Ostricher – Germany

The construction and operation of a treadwheel crane in Germany, was until the nineteenth century absolutely, an archbishop’s privilege in this area. Only a few cities in Rheingau and in other German areas had the right to operate a loading device.

We will cite Cologne, Trier, Würzburg, Andernach, Bingen am Rhein, Stade and Hamburg, as cities, without doubt privileged. In the Rheingau region in the 15th century, only Eltville, Rüdesheim and Lorch obtained this privilege.

The Oestricher Wheel Crane is located on the right bank of the Rhine River, at kilometer 518.1, near Federal Highway 42. All treadwheelcranes from Rheingau and elsewhere, such as Trier and Andernach, were initially floating wooden cranes. These cranes were generally very prone to deterioration due to constant exposure to water and ice in winter.

Medieval Treadwheel Cranes in Germany - Oestricher Kran en Rheingau 1744
Medieval Treadwheel Cranes in Germany – Oestricher Kran en Rheingau 1744

This port treadwheel crane was begun to be built in 1744 (10). The boom of the crane is 12 meters. It has a conical roof to protect the crane. The conical roof with the ball and the tip of the roof is firmly connected to the upper end of a central column of vertical crane. Inside the crane house, there is a double wheel. The operation was in charge of two people per side.

The operating staff was well paid and affiliated with a guild called Aufläder. The load capacity of the wheel crane was approximately 2.5 tons. The crane today is functional.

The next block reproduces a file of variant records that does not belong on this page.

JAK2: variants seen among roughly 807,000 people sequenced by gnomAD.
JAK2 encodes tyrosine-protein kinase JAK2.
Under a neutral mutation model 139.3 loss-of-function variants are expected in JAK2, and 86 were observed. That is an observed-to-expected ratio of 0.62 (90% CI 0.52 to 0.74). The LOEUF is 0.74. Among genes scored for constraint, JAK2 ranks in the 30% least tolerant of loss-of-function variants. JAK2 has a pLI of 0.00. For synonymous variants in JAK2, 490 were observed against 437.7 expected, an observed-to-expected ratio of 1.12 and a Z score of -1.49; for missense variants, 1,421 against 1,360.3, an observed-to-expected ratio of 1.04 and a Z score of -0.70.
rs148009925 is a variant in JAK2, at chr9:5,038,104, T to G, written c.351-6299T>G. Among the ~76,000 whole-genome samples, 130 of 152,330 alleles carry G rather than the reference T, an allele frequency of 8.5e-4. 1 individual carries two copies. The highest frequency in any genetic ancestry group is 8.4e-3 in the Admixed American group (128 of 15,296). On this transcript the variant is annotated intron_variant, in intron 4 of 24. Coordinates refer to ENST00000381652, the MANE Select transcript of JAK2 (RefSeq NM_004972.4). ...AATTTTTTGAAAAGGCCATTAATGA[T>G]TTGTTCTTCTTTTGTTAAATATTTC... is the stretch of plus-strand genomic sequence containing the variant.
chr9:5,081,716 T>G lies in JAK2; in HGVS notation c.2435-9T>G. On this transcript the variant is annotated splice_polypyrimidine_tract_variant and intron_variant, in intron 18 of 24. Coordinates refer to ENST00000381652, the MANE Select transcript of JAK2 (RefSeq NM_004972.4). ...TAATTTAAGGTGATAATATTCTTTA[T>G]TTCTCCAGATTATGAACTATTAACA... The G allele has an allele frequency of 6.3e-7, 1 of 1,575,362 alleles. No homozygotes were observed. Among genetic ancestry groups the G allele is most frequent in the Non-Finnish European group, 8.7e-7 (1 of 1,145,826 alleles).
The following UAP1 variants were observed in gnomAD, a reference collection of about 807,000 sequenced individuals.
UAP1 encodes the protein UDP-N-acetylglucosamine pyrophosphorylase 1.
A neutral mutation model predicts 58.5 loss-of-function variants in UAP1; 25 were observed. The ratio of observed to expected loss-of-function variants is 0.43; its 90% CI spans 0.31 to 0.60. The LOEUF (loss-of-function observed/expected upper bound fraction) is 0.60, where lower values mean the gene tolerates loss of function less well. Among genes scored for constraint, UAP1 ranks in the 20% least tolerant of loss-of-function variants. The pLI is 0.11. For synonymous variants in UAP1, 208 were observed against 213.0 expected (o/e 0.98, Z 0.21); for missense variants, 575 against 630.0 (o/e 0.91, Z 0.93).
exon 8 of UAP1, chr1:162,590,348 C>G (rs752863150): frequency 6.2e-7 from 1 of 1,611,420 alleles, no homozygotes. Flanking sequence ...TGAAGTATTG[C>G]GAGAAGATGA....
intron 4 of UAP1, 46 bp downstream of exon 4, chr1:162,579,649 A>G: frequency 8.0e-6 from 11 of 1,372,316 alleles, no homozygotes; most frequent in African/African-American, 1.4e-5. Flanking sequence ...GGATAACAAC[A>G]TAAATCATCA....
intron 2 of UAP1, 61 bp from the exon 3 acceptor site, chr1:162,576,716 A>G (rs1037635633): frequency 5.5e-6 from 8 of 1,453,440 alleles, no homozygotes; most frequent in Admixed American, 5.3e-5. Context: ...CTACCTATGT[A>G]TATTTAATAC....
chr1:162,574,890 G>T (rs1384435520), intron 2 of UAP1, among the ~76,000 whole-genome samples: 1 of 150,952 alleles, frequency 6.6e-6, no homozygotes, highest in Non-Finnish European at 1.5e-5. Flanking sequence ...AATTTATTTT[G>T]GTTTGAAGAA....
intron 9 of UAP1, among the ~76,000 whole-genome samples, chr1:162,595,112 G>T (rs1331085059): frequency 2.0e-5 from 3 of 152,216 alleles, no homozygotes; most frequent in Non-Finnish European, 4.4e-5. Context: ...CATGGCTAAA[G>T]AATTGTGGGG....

Trier – Germany

Alte Krahnen, also called Trierer Alter Moselkran, is a harbor treadwheel crane located in Trier. The stone building dates from 1413 and is located on the right side of the Moselle River.

The design is a tower-type wheel crane, with two wheels that are 4.16 meters in diameter.
 
Medieval Treadwheel Cranes in Germany - Trier
Medieval Treadwheel Cranes in Germany – Trier
 

A double boom drives the crane. Initially it was equipped with a single feather, and since 1778 with a second feather as a counterweight. It has a rotating conical roof on a vertical axis of wood called Kaiserbaum 12 meters long. The conical roof is 360 ° rotating with two balancing arms and single pulley chain. 

Medieval Treadwheel Cranes in Germany - Trier
Medieval Treadwheel Cranes in Germany – Trier

It has in iron spikes and chain of drum with chain and simple pulley. Its estimated load capacity is two tons. It has similarities with another crane of the same name “Alte Krahnen” in Andernach (10), also built in stone in Gothic style, although this crane is 100 years older. The oak gear of the crane house (Kranhaus) dates back to 1763. The treadwheel crane was damaged (although it was not destroyed) in 1944 by the war and in 1984 it was restored.